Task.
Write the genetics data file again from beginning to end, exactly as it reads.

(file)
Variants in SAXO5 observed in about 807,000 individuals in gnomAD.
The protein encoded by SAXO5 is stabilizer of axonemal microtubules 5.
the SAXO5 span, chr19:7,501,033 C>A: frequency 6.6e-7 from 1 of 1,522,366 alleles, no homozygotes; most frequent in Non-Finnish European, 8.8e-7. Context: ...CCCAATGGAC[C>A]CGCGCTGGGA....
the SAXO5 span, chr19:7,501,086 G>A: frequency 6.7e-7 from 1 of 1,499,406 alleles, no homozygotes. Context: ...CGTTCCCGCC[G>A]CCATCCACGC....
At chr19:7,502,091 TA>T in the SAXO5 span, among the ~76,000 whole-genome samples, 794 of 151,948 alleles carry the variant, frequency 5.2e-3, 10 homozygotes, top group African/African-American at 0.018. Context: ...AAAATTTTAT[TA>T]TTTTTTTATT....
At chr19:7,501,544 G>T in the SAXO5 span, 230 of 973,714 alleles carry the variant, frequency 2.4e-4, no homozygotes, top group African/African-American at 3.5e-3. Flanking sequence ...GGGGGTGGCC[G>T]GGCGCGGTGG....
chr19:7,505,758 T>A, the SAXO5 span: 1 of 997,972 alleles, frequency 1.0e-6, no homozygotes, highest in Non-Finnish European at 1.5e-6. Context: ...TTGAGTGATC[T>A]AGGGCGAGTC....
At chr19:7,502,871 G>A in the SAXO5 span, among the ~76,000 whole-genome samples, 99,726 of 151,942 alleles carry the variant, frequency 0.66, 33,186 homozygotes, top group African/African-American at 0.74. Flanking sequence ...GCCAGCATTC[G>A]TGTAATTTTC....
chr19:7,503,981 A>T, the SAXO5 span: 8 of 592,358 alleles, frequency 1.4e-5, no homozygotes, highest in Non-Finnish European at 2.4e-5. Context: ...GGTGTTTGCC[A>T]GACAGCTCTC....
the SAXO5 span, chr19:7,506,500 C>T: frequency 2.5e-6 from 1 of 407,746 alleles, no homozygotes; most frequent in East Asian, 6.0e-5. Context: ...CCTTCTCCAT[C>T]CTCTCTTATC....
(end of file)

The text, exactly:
Variants in SAXO5 observed in about 807,000 individuals in gnomAD.
The protein encoded by SAXO5 is stabilizer of axonemal microtubules 5.
the SAXO5 span, chr19:7,501,033 C>A: frequency 6.6e-7 from 1 of 1,522,366 alleles, no homozygotes; most frequent in Non-Finnish European, 8.8e-7. Context: ...CCCAATGGAC[C>A]CGCGCTGGGA....
the SAXO5 span, chr19:7,501,086 G>A: frequency 6.7e-7 from 1 of 1,499,406 alleles, no homozygotes. Context: ...CGTTCCCGCC[G>A]CCATCCACGC....
At chr19:7,502,091 TA>T in the SAXO5 span, among the ~76,000 whole-genome samples, 794 of 151,948 alleles carry the variant, frequency 5.2e-3, 10 homozygotes, top group African/African-American at 0.018. Context: ...AAAATTTTAT[TA>T]TTTTTTTATT....
At chr19:7,501,544 G>T in the SAXO5 span, 230 of 973,714 alleles carry the variant, frequency 2.4e-4, no homozygotes, top group African/African-American at 3.5e-3. Flanking sequence ...GGGGGTGGCC[G>T]GGCGCGGTGG....
chr19:7,505,758 T>A, the SAXO5 span: 1 of 997,972 alleles, frequency 1.0e-6, no homozygotes, highest in Non-Finnish European at 1.5e-6. Context: ...TTGAGTGATC[T>A]AGGGCGAGTC....
At chr19:7,502,871 G>A in the SAXO5 span, among the ~76,000 whole-genome samples, 99,726 of 151,942 alleles carry the variant, frequency 0.66, 33,186 homozygotes, top group African/African-American at 0.74. Flanking sequence ...GCCAGCATTC[G>A]TGTAATTTTC....
chr19:7,503,981 A>T, the SAXO5 span: 8 of 592,358 alleles, frequency 1.4e-5, no homozygotes, highest in Non-Finnish European at 2.4e-5. Context: ...GGTGTTTGCC[A>T]GACAGCTCTC....
the SAXO5 span, chr19:7,506,500 C>T: frequency 2.5e-6 from 1 of 407,746 alleles, no homozygotes; most frequent in East Asian, 6.0e-5. Context: ...CCTTCTCCAT[C>T]CTCTCTTATC....